And it left.

And that next morning, out in the garden, while drinking lilac-melon tea with a water fairy, the elf opened her mouth, and the words came out, and they rode right into the fairy’s heart, who welcomed them, hugged them, loved them.

Moments later, the elf felt better than she had in years. Her chest had opened. Her throat had relaxed.

She was no longer ill.

She was going to be just fine.

Acknowledging it

You know how some days you feel down and blah, and sometimes you’re okay with that, but sometimes it makes you panic, Ohmygod what if this feeling doesn’t pass, what if I never feel happy again, what if this is my new normal, I don’t know why I feel this way, the walls are closing in, I’m drowning, I’m regressing, all my hard work is undone…..and you go from 0 to 100 in about three milliseconds? (Or maybe you don’t know….but humor me).

Anyway, in processing that idea the other day, I was saying how cognitively I KNOW it always passes, I know that even months of a hard time don’t last forever, and therefore one day of feeling down doesn’t automatically equal a lifetime of it, but that it’s hard to remember in the moment. So one thing I said (half jokingly but also half totally serious) is that maybe I need a note on my phone that’s called “When I feel Crappy or Low”. Under that super creative title (…..) would be a few to-do items.

First is acknowledge what is contributing. Because as humans we can feel blah and we can feel down and we can feel upset for no reason, but as I am learning, there’s almost always one contributing factor. So first up is to figure out what the factors are. For me, there’s a list of “high-flyers” – events, people, thought patterns, or memories, that, more often than others, contribute. So first would be a checklist of those items (which would be more specific than this): Is it the weather? Is it a family member? Is it that grief? Is it that memory? Is it that anticipation of a change that’s coming?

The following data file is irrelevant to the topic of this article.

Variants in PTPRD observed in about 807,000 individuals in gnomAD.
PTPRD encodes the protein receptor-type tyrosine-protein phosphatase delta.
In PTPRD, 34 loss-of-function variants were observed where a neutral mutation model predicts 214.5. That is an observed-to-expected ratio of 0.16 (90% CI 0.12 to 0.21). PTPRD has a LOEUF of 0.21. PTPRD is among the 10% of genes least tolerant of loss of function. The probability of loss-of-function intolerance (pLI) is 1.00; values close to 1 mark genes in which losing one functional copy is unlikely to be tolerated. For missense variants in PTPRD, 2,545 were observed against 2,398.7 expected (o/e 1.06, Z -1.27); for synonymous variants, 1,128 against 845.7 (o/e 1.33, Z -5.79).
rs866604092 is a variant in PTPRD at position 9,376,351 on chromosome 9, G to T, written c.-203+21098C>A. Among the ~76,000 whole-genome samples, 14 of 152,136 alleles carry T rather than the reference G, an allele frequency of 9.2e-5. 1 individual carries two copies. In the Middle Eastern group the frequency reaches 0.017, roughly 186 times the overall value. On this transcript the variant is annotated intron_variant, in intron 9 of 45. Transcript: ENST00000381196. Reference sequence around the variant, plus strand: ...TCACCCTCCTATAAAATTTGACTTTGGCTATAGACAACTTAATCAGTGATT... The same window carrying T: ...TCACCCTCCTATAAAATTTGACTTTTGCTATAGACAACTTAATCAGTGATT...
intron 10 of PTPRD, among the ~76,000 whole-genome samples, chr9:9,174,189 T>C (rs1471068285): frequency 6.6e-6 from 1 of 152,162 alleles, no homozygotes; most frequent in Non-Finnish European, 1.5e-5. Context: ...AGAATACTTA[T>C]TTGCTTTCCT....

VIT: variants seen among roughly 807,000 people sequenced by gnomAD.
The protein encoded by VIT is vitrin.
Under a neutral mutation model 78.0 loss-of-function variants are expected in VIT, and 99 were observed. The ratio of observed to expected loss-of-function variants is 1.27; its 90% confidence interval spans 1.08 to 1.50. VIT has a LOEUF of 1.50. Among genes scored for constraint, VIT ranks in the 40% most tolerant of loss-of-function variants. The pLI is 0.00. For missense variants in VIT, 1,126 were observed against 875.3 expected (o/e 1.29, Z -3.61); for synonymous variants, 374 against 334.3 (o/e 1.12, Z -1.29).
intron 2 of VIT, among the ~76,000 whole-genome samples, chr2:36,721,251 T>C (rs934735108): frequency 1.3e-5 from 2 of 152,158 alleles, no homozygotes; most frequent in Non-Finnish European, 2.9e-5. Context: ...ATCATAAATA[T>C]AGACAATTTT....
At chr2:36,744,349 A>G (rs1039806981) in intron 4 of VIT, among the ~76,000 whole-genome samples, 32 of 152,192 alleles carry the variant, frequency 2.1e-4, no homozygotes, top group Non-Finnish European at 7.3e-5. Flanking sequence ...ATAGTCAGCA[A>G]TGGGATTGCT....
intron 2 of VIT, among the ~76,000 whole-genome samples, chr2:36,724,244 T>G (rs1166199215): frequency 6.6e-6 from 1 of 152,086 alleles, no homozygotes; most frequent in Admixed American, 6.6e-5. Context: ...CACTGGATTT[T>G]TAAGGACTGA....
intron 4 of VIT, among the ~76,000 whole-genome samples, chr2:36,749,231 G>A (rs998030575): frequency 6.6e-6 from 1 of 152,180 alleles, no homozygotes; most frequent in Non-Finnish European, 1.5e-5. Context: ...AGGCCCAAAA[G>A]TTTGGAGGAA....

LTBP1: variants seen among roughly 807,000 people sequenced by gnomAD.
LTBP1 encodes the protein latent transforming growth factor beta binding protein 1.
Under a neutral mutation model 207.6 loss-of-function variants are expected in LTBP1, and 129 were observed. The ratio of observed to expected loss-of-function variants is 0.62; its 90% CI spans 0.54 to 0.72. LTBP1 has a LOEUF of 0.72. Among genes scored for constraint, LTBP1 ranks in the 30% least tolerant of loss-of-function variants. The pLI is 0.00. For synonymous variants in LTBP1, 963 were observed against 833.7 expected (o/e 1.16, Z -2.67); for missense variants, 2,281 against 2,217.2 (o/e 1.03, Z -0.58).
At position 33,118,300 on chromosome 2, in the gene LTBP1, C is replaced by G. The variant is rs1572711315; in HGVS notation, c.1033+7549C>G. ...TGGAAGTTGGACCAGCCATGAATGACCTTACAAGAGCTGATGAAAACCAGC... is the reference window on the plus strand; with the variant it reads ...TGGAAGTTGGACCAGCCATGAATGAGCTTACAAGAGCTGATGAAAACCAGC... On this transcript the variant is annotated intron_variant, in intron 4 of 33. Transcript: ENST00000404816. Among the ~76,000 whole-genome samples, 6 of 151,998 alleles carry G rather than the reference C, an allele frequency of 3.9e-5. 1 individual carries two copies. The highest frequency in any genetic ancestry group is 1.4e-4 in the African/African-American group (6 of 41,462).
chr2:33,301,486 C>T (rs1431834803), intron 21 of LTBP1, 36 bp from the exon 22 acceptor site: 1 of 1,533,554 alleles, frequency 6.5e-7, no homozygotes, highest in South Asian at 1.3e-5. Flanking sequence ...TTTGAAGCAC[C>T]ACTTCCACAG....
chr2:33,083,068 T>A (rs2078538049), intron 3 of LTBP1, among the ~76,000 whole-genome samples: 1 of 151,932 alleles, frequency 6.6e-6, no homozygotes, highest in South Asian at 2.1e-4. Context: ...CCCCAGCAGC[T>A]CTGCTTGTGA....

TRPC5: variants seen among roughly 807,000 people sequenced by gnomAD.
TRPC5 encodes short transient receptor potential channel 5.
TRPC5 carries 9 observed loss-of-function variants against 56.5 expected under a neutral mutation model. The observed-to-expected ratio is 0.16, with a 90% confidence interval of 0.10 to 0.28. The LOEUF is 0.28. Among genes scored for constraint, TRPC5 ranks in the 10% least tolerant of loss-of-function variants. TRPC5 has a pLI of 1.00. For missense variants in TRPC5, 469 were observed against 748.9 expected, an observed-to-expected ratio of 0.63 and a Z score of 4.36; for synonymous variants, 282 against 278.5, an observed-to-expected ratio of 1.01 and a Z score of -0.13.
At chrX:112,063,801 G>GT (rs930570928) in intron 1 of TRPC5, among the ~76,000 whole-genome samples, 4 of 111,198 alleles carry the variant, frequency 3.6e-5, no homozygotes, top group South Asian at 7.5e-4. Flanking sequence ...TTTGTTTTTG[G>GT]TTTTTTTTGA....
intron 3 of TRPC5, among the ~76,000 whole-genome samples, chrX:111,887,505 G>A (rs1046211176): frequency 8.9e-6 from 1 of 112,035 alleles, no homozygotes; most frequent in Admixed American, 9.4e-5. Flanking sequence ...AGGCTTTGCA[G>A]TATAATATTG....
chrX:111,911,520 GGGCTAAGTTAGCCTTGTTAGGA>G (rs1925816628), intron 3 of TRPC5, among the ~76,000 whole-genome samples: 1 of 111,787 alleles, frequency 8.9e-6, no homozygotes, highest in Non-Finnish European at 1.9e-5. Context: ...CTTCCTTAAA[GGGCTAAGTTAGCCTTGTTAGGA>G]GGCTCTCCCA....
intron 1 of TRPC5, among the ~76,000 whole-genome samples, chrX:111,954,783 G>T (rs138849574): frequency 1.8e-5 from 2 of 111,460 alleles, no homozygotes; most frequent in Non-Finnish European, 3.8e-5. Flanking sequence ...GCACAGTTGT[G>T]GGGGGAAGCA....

I’ve found that almost always acknowledging it makes a difference. It instantly helps me feel back in control. It’s the flipped switch from Ohmygod I’m drowning, I’m out of control, everything is pressing on me, I’m infused with tidal waves of chaos to Oh. I’m in control. It’s just x, y, and z, and it’s not everything, and it’s not an internal malfunction, it’s an external rainshower that’s getting me a little wet but I’m fine, we’re fine, I’m fine.

Do you know that feeling I’m talking about? Kind of like in grad school when there was a huge paper to write or test to study for – it initially feels so big and so impossible to ever figure out. But as soon as a to-do list is made and it’s broken down, it’s manageable and you return to I can do this, this is doable.

The next thing to do, after acknowledging to myself what it is, is to focus on it more. This is so damn counter-intuitive. When something is upsetting, we want to ignore it, want to push it away, we don’t want to spend extra time and energy thinking about and talking about it. But – it works.

With the disclaimer that it often initially feels worse.

When you choose to focus in on it, whether it’s to write about it or talk about it or draw about it, or whatever it is for you, you might feel that tightness in your chest get tighter. The tears that you’ve held back might come. You might end up gasping for air, or you might feel the pain even stronger. Hold on. Because if you continue talking, continue writing, continue letting it out – you will then feel the release. You’ll feel your chest relax, you’ll notice the tears stop, you’ll notice you feel lighter, you’ll notice you feel better.

In the moment? So hard to do.

But maybe that’s what the reminder is for, that’s what the list is for.

Because it’s worked before. It’s been true before.

It applies now.


I  said this the other day:

I don’t know about you, but in the moment, tools are really hard to remember to use. Also sometimes hard to believe that they’re going to do anything. So I find that practicing strategies and tools during calm moments, and semi-stressful moments, make them much more automatic to use during the super hard times. I think I could probably write a whole post on tools, and I think I will.

And I did.

Here are the three main tools in my toolkit lately that always help:

1. Move
Sometimes this means moving locations. Walking out of my apartment to go sit by the reservoir. Going to a coffee shop. Usually a change of location and scenery makes a huge difference and abates some of the heaviness I had been feeling.